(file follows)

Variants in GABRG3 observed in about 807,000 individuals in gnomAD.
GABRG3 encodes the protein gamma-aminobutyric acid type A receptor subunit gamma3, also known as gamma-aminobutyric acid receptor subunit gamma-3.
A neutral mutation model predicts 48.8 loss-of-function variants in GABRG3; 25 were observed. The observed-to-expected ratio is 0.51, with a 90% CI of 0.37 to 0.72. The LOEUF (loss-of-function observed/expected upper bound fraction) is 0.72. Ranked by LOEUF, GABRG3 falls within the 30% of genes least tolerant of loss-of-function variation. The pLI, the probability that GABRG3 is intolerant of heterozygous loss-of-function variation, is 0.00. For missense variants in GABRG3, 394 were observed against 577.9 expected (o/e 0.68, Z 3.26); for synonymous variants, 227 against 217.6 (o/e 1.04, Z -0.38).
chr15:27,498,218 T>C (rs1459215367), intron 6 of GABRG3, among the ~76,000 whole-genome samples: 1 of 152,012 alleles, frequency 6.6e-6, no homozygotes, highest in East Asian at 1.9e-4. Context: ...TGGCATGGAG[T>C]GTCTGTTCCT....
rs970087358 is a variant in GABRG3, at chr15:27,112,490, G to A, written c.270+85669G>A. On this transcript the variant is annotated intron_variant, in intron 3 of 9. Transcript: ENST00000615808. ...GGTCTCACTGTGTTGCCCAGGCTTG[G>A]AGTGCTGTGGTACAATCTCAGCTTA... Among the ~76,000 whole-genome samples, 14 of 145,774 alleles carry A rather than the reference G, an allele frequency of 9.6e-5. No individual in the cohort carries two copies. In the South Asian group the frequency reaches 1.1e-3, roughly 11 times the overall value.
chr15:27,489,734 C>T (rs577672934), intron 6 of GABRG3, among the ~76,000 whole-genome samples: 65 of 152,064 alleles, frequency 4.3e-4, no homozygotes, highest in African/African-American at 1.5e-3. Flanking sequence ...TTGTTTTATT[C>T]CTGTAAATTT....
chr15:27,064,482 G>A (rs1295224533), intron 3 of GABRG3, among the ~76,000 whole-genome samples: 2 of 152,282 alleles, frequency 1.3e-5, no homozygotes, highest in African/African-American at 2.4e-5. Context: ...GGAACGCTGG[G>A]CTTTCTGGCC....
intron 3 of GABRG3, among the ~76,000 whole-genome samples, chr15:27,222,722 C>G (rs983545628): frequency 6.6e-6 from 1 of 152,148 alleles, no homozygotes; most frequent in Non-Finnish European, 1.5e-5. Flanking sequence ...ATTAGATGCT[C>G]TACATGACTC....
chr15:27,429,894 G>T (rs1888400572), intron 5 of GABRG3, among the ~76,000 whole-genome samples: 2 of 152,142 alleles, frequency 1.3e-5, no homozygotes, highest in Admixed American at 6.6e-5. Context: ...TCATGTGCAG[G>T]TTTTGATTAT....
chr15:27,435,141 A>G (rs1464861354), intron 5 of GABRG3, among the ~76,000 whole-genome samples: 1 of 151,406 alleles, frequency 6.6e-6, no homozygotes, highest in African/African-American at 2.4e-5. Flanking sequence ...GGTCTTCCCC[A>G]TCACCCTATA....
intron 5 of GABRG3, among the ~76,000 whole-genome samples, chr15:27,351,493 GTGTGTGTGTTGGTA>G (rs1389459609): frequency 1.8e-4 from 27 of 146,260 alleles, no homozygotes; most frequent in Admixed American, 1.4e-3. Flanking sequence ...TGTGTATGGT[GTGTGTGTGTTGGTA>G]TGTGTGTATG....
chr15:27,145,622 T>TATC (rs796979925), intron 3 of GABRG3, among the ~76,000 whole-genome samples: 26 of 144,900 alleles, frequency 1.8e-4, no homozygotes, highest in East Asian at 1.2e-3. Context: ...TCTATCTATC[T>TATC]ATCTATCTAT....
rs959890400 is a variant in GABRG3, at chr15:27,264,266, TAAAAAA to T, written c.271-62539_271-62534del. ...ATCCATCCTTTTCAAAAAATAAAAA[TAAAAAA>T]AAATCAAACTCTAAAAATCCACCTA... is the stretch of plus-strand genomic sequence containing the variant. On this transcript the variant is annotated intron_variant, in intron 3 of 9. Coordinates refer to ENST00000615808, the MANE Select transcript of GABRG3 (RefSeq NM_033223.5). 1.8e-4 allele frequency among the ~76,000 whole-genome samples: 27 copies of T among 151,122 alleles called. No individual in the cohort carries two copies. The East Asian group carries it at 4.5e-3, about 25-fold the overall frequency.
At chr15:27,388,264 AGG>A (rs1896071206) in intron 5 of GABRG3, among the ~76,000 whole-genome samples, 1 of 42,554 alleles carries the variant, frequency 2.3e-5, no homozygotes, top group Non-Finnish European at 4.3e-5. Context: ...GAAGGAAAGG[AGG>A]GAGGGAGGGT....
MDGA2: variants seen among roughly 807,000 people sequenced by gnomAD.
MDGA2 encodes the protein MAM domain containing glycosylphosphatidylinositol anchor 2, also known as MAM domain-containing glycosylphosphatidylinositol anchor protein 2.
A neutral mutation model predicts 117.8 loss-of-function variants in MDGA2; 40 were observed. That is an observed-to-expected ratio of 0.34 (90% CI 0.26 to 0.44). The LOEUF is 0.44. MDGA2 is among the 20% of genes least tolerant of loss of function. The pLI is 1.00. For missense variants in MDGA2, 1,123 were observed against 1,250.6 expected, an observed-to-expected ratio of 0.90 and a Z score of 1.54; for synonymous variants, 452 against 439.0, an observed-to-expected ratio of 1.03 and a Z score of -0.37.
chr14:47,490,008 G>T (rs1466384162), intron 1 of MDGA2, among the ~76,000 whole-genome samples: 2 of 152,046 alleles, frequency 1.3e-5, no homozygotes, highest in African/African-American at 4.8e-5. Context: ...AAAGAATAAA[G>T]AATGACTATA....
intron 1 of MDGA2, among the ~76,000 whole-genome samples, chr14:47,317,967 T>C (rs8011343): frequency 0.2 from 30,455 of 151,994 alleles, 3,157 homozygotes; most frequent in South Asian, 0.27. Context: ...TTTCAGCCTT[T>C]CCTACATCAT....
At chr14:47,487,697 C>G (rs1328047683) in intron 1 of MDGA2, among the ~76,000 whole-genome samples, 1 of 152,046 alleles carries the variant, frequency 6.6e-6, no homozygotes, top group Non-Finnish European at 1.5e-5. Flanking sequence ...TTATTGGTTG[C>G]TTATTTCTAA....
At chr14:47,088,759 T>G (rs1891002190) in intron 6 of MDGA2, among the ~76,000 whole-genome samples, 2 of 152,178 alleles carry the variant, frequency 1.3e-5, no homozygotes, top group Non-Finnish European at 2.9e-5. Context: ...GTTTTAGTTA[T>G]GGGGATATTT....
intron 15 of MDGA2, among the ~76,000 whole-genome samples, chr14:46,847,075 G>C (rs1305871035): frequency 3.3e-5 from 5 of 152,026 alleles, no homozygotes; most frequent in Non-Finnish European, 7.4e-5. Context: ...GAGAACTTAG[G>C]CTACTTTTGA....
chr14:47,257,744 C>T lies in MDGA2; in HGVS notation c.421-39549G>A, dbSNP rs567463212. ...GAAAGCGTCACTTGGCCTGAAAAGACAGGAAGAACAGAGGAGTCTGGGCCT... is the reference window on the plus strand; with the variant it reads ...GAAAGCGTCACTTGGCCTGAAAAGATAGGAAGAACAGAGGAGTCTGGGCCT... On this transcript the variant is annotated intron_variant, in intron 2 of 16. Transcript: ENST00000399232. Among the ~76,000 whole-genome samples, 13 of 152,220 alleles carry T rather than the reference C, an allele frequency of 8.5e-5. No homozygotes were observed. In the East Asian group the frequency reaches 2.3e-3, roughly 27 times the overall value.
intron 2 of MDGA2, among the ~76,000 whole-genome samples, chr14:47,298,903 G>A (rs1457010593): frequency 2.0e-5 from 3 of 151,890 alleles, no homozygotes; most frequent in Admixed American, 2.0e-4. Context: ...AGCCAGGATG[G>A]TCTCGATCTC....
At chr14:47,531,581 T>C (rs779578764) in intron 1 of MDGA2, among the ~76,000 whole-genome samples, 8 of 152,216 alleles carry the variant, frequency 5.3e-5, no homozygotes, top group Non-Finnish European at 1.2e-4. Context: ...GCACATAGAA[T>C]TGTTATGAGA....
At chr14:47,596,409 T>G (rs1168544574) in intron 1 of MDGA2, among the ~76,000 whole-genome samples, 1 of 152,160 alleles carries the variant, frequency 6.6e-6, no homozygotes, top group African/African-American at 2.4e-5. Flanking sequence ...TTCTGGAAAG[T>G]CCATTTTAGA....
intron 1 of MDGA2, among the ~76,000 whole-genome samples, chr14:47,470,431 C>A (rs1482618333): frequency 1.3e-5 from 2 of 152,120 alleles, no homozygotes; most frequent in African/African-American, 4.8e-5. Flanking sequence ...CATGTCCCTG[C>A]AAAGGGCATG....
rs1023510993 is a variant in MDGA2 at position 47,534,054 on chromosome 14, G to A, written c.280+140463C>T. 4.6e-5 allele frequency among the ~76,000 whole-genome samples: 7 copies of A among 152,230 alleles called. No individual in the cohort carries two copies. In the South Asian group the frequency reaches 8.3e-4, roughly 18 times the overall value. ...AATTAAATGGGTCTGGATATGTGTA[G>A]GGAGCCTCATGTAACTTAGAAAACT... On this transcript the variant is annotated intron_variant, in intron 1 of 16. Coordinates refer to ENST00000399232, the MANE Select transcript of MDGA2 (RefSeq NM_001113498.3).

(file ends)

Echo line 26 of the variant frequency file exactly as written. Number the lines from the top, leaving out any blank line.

At chr14:47,596,409 T>G (rs1168544574) in intron 1 of MDGA2, among the ~76,000 whole-genome samples, 1 of 152,160 alleles carries the variant, frequency 6.6e-6, no homozygotes, top group African/African-American at 2.4e-5. Flanking sequence ...TTCTGGAAAG[T>G]CCATTTTAGA....